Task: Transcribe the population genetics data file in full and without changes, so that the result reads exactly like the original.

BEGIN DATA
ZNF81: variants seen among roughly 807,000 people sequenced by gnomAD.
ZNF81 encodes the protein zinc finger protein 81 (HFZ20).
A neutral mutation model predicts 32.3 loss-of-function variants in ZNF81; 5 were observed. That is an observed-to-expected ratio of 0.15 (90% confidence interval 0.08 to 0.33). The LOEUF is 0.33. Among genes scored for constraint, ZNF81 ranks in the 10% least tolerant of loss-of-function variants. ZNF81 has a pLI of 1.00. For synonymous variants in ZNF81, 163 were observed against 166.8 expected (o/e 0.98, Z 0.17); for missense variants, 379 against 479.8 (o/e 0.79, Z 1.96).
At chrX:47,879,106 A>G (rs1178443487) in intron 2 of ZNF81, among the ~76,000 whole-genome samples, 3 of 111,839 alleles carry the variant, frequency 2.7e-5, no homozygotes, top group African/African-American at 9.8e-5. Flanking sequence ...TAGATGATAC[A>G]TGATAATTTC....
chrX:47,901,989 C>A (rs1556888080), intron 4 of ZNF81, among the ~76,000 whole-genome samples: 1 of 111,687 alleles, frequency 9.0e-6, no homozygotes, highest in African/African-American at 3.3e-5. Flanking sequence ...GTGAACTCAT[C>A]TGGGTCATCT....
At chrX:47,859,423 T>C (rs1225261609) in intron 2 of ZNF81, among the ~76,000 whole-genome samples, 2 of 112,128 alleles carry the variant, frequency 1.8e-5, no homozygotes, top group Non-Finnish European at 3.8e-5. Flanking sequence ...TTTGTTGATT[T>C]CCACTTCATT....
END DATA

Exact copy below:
ZNF81: variants seen among roughly 807,000 people sequenced by gnomAD.
ZNF81 encodes the protein zinc finger protein 81 (HFZ20).
A neutral mutation model predicts 32.3 loss-of-function variants in ZNF81; 5 were observed. That is an observed-to-expected ratio of 0.15 (90% confidence interval 0.08 to 0.33). The LOEUF is 0.33. Among genes scored for constraint, ZNF81 ranks in the 10% least tolerant of loss-of-function variants. ZNF81 has a pLI of 1.00. For synonymous variants in ZNF81, 163 were observed against 166.8 expected (o/e 0.98, Z 0.17); for missense variants, 379 against 479.8 (o/e 0.79, Z 1.96).
At chrX:47,879,106 A>G (rs1178443487) in intron 2 of ZNF81, among the ~76,000 whole-genome samples, 3 of 111,839 alleles carry the variant, frequency 2.7e-5, no homozygotes, top group African/African-American at 9.8e-5. Flanking sequence ...TAGATGATAC[A>G]TGATAATTTC....
chrX:47,901,989 C>A (rs1556888080), intron 4 of ZNF81, among the ~76,000 whole-genome samples: 1 of 111,687 alleles, frequency 9.0e-6, no homozygotes, highest in African/African-American at 3.3e-5. Flanking sequence ...GTGAACTCAT[C>A]TGGGTCATCT....
At chrX:47,859,423 T>C (rs1225261609) in intron 2 of ZNF81, among the ~76,000 whole-genome samples, 2 of 112,128 alleles carry the variant, frequency 1.8e-5, no homozygotes, top group Non-Finnish European at 3.8e-5. Flanking sequence ...TTTGTTGATT[T>C]CCACTTCATT....